Knology takes a broad and inclusive approach to media: we study many aspects of large-scale communication, including diverse technologies, channels, and platforms. One of the things we investigate is the affordances of these technologies and channels, particularly for education and lifelong learning. We also explore how media shapes public discourse: how particular ideas come to be seen as normal and reasonable — or not — due to their presence or absence in mass media. We reflect on circulation and participation, too: how different media content moves through the world, and whether those who engage with it are invited to respond and interact or simply to consume it. Our last focal area is expertise and (un)certainty: we research how media shapes our images of expertise.

When we think of Media, we ask:

  • What role can – and should – media play in challenging social narratives about people?
  • What makes media effective at getting large groups of people to take action?
  • What are the most effective ways to capture – and hold – the attention of different media users so we can support their learning and access to it?
  • Who gets to be an expert, and how do different groups of experts communicate about the uncertainty inherent in all knowledge?
  • What do news routines and day-to-day talk about news look like, and how are these practices changing?

We collaborate with journalists, media-makers, and our fellow researchers to answer these questions.

What we're up to these days

We built an open-access guide to reporting on numbers with our colleagues at PBS NewsHour as part of a project called "Meaningful Math." The guide is a living document and we're always looking for feedback and suggestions as well as partners who want to use it. We're also supporting the NewsHour's Searching for Justice series by creating a new model for community-centered feedback and evaluation of reporting on the criminal legal system.

In another project, we're working closely with WNYC and the Bodega and Small Business Group to develop a sustainable community-based polling infrastructure for civic science reporting in English and Spanish.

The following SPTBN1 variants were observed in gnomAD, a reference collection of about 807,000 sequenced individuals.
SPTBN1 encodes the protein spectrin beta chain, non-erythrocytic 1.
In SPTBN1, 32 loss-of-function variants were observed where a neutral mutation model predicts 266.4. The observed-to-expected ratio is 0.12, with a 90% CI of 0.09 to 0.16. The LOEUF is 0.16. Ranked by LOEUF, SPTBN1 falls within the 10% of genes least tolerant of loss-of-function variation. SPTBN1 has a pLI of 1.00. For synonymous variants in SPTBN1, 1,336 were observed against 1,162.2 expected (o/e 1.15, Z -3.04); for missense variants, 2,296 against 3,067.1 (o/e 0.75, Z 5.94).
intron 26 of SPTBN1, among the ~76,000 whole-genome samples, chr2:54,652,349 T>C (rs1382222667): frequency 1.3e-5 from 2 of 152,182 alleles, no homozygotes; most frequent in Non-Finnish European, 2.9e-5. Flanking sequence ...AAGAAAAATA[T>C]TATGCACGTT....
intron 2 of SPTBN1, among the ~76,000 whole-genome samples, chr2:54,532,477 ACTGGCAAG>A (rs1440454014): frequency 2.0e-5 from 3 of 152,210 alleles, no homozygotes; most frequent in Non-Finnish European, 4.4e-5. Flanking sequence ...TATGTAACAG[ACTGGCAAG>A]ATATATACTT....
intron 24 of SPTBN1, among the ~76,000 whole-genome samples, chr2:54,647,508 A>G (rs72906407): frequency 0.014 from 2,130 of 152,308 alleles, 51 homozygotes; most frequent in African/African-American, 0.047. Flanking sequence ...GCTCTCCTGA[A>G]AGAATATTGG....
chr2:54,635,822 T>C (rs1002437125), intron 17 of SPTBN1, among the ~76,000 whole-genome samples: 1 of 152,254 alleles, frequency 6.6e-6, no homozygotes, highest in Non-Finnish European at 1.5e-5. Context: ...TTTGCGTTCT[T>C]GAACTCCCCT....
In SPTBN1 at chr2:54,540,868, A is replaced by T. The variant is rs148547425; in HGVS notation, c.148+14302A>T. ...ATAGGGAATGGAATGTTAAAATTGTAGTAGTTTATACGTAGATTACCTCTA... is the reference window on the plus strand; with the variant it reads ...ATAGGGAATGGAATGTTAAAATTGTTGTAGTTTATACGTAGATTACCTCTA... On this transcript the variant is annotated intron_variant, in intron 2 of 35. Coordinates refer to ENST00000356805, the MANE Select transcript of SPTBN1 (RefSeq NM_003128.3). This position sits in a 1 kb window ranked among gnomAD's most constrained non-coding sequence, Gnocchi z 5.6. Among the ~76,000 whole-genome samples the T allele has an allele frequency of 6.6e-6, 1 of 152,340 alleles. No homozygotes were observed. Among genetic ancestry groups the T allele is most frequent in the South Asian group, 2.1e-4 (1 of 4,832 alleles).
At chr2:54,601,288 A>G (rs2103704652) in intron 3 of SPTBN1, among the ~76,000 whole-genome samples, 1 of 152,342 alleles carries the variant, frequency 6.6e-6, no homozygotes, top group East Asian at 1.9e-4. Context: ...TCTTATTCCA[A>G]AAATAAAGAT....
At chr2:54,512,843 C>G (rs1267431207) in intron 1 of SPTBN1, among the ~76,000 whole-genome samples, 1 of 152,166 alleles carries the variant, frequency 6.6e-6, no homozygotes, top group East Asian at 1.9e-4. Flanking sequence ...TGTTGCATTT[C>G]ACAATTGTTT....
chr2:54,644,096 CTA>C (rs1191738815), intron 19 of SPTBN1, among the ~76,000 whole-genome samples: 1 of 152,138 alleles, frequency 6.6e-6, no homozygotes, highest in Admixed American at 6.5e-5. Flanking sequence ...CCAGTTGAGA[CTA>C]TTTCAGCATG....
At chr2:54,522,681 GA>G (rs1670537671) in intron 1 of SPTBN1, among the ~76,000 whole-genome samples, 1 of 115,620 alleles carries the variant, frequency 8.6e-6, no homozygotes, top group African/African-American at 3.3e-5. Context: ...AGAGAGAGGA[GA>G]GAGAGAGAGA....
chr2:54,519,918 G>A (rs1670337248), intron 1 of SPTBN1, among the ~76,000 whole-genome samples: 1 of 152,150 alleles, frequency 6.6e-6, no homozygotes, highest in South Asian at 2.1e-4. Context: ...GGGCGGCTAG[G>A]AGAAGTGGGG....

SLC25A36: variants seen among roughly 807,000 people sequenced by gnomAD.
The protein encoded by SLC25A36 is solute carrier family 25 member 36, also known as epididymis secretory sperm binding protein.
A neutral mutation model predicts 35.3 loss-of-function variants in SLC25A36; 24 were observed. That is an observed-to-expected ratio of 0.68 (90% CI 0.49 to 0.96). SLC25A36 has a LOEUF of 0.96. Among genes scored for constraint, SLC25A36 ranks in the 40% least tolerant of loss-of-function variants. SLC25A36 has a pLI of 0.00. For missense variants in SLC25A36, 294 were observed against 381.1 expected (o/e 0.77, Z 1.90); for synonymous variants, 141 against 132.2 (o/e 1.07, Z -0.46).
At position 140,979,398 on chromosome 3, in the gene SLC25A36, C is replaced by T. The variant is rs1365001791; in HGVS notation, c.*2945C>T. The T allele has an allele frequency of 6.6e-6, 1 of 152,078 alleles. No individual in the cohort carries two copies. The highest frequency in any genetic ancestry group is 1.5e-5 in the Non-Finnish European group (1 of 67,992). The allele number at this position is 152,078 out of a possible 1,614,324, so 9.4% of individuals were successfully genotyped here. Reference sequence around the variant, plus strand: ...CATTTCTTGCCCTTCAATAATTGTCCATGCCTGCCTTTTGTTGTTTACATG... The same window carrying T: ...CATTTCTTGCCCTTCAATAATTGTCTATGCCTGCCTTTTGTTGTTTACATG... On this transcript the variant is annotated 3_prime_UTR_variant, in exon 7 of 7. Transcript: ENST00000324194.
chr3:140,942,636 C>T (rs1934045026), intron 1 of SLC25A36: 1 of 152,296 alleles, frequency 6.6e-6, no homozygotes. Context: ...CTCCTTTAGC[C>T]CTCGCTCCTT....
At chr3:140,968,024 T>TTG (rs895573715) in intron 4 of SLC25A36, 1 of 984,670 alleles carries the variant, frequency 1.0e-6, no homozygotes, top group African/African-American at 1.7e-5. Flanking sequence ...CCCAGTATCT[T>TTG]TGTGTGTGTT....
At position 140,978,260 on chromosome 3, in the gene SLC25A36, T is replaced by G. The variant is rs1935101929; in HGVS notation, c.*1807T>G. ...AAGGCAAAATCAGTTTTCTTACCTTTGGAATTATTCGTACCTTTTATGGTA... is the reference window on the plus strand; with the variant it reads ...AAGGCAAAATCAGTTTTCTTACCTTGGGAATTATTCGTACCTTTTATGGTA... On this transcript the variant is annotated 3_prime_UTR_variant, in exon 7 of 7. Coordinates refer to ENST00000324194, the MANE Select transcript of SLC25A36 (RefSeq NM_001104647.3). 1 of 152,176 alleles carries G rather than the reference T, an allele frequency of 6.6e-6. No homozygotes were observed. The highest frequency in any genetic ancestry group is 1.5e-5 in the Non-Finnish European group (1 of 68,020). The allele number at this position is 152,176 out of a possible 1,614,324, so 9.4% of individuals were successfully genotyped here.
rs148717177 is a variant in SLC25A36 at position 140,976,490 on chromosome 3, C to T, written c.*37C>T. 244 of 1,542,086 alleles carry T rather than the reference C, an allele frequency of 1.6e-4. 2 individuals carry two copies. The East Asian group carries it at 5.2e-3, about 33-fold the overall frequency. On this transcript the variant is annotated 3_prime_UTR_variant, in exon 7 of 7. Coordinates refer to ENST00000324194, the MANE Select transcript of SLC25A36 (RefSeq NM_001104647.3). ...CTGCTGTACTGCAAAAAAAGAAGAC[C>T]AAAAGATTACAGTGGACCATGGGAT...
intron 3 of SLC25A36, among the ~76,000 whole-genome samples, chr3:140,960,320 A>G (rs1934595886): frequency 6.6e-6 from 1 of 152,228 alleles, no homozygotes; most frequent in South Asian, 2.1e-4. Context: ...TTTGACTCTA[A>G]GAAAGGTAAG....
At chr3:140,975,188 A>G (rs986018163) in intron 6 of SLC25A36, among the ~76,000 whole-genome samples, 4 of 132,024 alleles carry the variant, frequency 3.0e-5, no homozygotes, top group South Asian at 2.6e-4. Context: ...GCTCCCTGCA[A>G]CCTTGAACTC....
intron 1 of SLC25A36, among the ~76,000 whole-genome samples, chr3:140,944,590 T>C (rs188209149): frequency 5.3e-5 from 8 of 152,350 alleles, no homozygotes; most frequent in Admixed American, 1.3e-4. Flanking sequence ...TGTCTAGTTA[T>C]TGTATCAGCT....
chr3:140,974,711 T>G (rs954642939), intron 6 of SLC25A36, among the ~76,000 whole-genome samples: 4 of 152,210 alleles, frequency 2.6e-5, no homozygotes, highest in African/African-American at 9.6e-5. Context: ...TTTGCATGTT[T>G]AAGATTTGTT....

And we recently published a book on moral motives and STEM-informed action. The book is based on a conference we hosted with informal educators from various fields — including journalists and filmmakers — to think about the various social and moral reasons adults learn, and the implications.

Want to work with us?

Click here to learn more about how we work with news organizations. And for more information about our main media research initiatives, check out the links at the top right of this page.

Essential Readings

For a classic view of social scientific approaches to media, see Nick Couldry, "Theorizing media as practice."

For an overview of scientific uncertainty and media, read anything Sharon Dunwoody has ever written – especially this introduction, which Hans Peter Peters and Sharon Dunwoody co-wrote.

For a good explanation of why authority and expertise are interactional, not just stable traits of individuals, see Geoffrey Ramond, "The Voice of Authority."

On the urgency of not just representation but reparations – and the long history of anti-Blackness in media – see Media 2070.

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